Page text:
"Finally, my brothers, rejoice in the Lord. It is no trouble for me to write the same things to you again, and it is a safeguard for you. Watch out for those dogs, those workers of evil, those mutilators of the flesh! For it is we who are the circumcision, we who worship by the Spirit of God, who glory in Christ Jesus, and who put no confidence in the flesh.”
In Philippians 3, Paul writes to the Philippian believers for the purpose of protecting them [safeguard] from the evil religious leaders of his day who were mutilating grace.
According to the Bible, teachers who reject the gospel of grace when others try to teach it to them have been taken captive by the devil to do his will (2 Timothy 2:23-26).
In addition, their hearts are closed and their minds have been blinded to grace by the god of this age (2 Corinthians 3:14-16; 4:3-6).
When communicating with Bible teachers who reject the fullness of grace, Paul gives great advice to Timothy (2 Timothy 2:23-26)
1. Don't Argue
2. Be Kind
3. Be Patient
By having this attitude toward Bible teachers who have been taken captive by the devil to do his will, which is to suppress the good news of grace, their hearts may be softened and their eyes opened in the hope God will grant them repentance, leading to a knowledge of the truth of grace (2 Timothy 2:25).
There is a person in the Bible who lived in mental torment because he sincerely tried to adhere to the Ten Commandments.
The more he tried to obey them, the more he disobeyed them.
He was in mental torment because the law he loved and tried to live by sentenced, or condemned, him to death.
He asked who could rescue him from this condemnation.
He then gave thanks to God for Jesus who took his condemnation.
Consequently, there was no more condemnation for this man because he placed his faith in Christ and was in Christ.
Did You Know?
The Ten Commandments were given by God to enlighten us about sin, increase sin in our lives, expose sin in our hearts and minds, and then execute us for our sin (Romans 5:20; 7:7-25; 2 Corinthians 3).
But, Jesus, because of God's great love and grace, took our execution (Romans 5:8).
By faith in Jesus, we are freed from the Ten Commandments (2 Corinthians 3; Galatians 4:6, 5:1; Romans 8:1-3)
We now live in a love relationship with God where we call him Abba Father through the Spirit of Jesus who lives in our hearts (Romans 8:14-16; Galatians 4:6).
Did you know the Bible teaches that if you are in Christ you are free from the Ten Commandments and the bondage it brings?
Yet this is exactly what the Bible teaches.
It seems absurd, even heretical, to view the Ten Commandments as something we need to be freed from and that can put someone into bondage.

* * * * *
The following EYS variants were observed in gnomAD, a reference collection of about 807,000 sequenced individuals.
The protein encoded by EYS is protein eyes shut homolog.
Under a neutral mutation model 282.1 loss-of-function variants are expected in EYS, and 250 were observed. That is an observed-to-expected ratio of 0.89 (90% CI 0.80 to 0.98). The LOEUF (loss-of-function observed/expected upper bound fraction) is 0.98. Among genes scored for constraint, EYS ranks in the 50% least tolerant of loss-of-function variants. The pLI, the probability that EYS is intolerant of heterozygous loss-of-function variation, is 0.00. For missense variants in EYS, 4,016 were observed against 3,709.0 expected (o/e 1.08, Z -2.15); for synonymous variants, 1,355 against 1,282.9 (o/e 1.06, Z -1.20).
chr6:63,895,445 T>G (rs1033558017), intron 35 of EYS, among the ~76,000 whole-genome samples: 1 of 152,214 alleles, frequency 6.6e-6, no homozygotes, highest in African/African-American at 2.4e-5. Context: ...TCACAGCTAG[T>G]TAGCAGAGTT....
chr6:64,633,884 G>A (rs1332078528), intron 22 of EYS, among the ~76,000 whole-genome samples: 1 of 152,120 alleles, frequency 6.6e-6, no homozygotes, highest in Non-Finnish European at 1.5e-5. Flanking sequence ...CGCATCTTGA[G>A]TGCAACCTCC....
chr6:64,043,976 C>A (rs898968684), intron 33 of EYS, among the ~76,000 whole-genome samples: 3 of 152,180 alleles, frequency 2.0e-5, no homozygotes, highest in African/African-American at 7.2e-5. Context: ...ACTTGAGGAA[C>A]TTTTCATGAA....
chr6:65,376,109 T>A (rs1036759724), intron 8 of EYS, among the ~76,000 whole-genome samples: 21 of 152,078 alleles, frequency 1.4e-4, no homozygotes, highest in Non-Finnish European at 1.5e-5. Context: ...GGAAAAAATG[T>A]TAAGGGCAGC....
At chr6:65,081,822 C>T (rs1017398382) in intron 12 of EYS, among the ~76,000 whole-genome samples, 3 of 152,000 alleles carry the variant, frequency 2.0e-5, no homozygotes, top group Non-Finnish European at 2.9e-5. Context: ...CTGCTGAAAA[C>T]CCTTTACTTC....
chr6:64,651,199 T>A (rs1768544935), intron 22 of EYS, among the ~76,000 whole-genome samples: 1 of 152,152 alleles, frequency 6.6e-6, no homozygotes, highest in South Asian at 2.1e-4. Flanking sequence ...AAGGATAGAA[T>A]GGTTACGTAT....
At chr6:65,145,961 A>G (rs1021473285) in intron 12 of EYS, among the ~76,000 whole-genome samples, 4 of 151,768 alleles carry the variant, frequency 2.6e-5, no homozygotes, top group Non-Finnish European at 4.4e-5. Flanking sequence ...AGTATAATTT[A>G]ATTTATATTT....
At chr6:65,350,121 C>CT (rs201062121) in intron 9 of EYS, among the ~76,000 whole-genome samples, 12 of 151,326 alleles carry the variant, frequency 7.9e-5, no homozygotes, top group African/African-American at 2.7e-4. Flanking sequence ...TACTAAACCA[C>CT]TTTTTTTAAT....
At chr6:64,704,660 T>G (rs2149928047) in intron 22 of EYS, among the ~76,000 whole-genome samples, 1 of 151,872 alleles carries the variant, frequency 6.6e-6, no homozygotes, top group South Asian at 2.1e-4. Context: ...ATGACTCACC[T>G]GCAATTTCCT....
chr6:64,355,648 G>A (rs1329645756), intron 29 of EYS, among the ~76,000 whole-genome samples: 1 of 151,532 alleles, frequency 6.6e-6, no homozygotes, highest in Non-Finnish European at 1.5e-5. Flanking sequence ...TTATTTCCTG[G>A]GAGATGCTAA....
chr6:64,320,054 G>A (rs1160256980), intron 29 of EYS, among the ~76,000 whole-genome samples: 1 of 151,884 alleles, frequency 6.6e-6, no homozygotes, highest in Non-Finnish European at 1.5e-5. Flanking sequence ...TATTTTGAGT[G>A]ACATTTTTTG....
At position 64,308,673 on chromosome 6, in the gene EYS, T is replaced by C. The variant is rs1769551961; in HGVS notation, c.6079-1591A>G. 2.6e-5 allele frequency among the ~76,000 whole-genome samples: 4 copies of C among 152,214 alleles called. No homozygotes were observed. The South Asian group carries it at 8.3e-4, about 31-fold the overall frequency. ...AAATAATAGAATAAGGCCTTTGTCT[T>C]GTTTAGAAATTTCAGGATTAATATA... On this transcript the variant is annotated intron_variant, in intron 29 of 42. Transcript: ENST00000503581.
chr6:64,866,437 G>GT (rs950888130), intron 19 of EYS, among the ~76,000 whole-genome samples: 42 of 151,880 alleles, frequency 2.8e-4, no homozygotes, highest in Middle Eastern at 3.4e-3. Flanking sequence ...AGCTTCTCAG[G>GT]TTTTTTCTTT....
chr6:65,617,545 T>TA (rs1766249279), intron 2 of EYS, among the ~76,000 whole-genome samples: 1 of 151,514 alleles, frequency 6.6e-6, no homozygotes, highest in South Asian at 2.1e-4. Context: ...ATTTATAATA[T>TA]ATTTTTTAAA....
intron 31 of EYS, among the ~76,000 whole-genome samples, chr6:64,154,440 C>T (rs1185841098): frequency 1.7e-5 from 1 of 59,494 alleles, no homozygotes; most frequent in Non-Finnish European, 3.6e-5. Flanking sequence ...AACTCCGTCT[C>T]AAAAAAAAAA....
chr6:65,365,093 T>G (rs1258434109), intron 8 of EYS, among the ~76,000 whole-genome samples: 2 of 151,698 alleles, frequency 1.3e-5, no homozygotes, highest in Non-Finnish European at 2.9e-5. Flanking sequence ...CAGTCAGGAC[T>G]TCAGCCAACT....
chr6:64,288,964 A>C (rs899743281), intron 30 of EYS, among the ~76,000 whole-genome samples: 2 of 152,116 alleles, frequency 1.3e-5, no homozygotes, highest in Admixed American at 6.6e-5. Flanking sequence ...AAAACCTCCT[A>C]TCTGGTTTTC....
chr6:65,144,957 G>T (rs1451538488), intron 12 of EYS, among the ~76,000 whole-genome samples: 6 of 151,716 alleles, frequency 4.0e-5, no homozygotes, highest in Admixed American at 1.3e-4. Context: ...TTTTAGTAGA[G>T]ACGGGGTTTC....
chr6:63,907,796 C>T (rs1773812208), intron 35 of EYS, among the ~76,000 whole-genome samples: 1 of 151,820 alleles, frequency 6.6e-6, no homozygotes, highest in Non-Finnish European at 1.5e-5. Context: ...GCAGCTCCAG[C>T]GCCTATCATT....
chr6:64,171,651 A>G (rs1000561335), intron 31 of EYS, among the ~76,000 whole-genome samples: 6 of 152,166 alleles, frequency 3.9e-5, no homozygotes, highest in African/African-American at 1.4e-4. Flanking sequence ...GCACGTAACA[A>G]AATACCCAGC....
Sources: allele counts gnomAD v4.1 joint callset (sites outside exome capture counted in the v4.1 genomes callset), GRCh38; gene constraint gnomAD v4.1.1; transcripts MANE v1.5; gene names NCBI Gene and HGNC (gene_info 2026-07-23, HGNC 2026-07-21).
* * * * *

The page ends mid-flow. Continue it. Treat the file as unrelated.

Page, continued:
It seems the commandments, if obeyed by someone, can lead to freedom.
But that is the problem.
The Bible teaches that no one can obey the Ten Commandments (Romans 3:9-20).
We have all sinned and broken the Ten Commandments (Romans 3:23).
Those who live according to the flesh set their minds on the things of the flesh; but those who live according to the Spirit set their minds on the things of the Spirit. The mind of the flesh is death, but the mind of the Spirit is life and peace, because the mind of the flesh is hostile to God: It does not submit to God’s Law, nor can it do so. Those controlled by the flesh cannot please God.
What does it mean to live according to the flesh (the mind of the flesh) and what does it mean to live according to the Spirit (the mind of the Spirit)?
Aha Moment #8:
When I realized God only wanted a transparent, honest, love-relationship with me as my Father, where I was free to share with him my hurts, habits, hang-ups, and hopes without fear of his rejection, but guaranteed of his acceptance. This love-relationship replaced living by a list of rules such as "make sure you pray, read your Bible, have a quiet time, journal, memorize Scripture, and witness every day".
Aha Moment #7:
When I realized believers are called saints (holy, righteous, and forgiven ones), and never sinners saved by grace.
A popular sermon series by many pastors is entitled "All In".
This series comes from the Great Commandment verses in the Bible taken completely out of context and is intended to motivate believers to be "all in" for God, to move them from being "a spectator to a participator" in the church.
If believers are not careful, they will be misled by this series, trying to be "all in" for God, when God is not asking them to be "all in" for him.
1 John #8 (2:1-2)
So What Do We Do When We Sin?
When teaching about the full forgiveness of our sins through Jesus, where we no longer spend our lives confessing our sins for forgiveness, but rather claiming that we are forgiven eternally through faith in Jesus, I am asked:
“So what do you do when you sin?”
This question is proof the good news of God’s grace is being taught, and it is a great question to ask the one teaching the full forgiveness of sins.
More than likely, it was a question asked to John on numerous occasions, which is why he answers the question in 1 John 2:1-2.
In the previous post, we learned that Peter deserted grace
and returned to the law for righteousness.
He reverted to the law, following its mandate for a Jew to
not mix with the Gentiles so the nation of Israel would not abandon God by
following the false gods of the Gentile nations.
They were not to eat with or marry Gentiles.
The nation of Israel was to be a light to the Gentiles by
revealing the truth about God.
When Jesus came, he was the light to the Gentiles.
Through his death, Jesus ended the Law of Moses, enabling
Jews and Gentiles to assemble in on body.